Clemson Extension specialist Tony Melton shows a 5-pound sweet potato to attendees of the Sept. 13 field day at the Pee Dee Research and Education Center.

Clemson Extension specialist Tony Melton shows a five-pound sweet potato to attendees of the Sept. 13 field day at the Pee Dee Research and Education Center.
Image Credit: Jonathan Veit / Clemson University

FLORENCE — Massive, five-pound sweet potatoes being grown at the Clemson University Pee Dee Research and Education Center in Florence could give South Carolina farmers an edge in potato production for canneries.

Clemson Extension specialist Tony Melton is testing the fertility needed to grow sweet potatoes five times the size of the average one-pound potato grown in South Carolina. He’s also testing control methods for nematodes, which can destroy sweet potatoes, and is growing on a 120-day maturity schedule, rather than the current 90 days.

“We’re trying to get a higher yield for our growers and a better potato for our cannery, which won’t lose as much in peeling with these huge potatoes,” Melton said.

The result will be greater profits for all involved.

The sweet potato project is part of a new 20-acre research plot on the Pee Dee REC focused on high-value specialty vegetable production. Specialty vegetables provide opportunity for row-crop farmers looking to sell to local markets where prices are less subject to global competition, and they’re particularly attractive to emerging farmers because they require less capital investment than row-crop farming. These vegetables can be grown year round to be sold at local farmers’ markets, grocery stores, restaurants and the cannery in Effingham.

“We are hoping to encourage a return to vegetable farming in the Pee Dee to give producers alternatives to commodity crops like corn, to better utilize the previous tobacco lands that are still underutilized in many cases, and to encourage new and beginning farmers to get started with less land- and equipment-intensive crops,” said Matt Smith, director of the Pee Dee Research and Education Center.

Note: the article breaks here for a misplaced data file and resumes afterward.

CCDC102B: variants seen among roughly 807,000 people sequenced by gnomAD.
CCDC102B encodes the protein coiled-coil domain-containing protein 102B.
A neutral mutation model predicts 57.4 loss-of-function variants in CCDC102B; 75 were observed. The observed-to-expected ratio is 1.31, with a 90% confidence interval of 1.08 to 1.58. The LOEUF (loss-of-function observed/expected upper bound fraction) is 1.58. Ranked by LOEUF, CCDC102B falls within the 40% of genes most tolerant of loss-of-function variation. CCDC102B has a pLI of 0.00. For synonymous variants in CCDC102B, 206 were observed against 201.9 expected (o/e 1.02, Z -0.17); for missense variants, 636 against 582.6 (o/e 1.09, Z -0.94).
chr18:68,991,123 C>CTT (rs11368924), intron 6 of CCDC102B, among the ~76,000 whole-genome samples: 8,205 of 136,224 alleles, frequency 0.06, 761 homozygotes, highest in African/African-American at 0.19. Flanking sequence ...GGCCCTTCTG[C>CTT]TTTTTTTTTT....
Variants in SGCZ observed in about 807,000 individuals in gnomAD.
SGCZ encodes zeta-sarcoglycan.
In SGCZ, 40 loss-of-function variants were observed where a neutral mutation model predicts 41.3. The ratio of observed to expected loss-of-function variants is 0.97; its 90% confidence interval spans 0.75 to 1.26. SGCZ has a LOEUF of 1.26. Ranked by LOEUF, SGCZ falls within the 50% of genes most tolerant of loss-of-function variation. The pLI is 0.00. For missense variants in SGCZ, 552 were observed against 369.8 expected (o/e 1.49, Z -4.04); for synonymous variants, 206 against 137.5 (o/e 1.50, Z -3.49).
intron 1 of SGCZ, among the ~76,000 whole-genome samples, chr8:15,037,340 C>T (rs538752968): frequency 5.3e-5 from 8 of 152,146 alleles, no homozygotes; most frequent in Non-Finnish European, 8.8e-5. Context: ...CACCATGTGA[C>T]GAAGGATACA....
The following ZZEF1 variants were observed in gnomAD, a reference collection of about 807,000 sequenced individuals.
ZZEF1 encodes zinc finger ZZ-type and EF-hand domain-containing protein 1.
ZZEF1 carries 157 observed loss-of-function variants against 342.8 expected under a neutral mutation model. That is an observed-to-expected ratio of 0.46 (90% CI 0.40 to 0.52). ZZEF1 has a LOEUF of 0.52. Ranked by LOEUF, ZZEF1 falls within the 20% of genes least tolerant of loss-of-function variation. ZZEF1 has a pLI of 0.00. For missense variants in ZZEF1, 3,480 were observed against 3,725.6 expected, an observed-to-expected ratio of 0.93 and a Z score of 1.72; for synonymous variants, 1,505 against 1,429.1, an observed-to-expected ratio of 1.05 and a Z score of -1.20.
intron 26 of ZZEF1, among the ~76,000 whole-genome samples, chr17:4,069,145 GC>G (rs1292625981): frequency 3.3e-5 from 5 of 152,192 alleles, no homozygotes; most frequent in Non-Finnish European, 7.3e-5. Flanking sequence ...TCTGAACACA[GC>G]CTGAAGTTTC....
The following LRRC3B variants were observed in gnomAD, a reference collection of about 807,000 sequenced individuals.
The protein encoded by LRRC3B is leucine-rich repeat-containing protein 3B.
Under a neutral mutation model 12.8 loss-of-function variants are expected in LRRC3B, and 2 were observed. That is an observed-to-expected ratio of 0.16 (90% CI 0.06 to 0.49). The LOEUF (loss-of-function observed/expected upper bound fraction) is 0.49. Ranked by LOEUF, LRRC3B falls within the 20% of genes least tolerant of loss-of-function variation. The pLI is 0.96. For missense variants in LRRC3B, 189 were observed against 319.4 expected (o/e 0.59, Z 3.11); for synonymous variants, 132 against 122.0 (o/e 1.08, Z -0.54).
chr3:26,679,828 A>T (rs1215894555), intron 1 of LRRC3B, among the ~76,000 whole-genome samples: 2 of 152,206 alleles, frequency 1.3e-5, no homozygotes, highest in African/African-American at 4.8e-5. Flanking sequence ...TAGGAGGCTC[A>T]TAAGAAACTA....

As part of that project, Melton also is working to breed a new butterbean variety that can be grown during the summer. Most butterbean plants only produce during the cooler spring and fall seasons. Melton’s 20-acre plot also includes tests on various methods of irrigation and pest control. Five acres are devoted to organic growing practices, as well.

Melton’s work was on display during the recent field day at Pee Dee REC, which also opened its newly renovated John B. Pitner Center. The $7 million renovation includes a stronger network for data transfer, state-of-the-art equipment, more collaborative space and new labs for the Advanced Plant Technology program.

Nearly 300 farmers and other attendees gathered for the field day to learn tips on growing cotton, soybeans, corn, grain sorghum and other crops. During the field day, scientists with Clemson, the Natural Resources Conservation Service and the U.S. Department of Agriculture provided research-based tips on reducing nitrogen applications without affecting yield and planting cover crops to improve soil health and reduce input costs. Clemson and USDA scientists also updated attendees on new crop varieties under development with tolerance to drought, disease and pests, and offered growers a look at trees and grasses that can be grown for conversion into liquid biofuels.

Dillon County farmer Keith Allen said he relies greatly on the Pee Dee REC’s variety trials that inform growers which crop varieties perform best in South Carolina’s distinct climate and soil types.

“We farmers just can’t do that kind of research,” he said.

END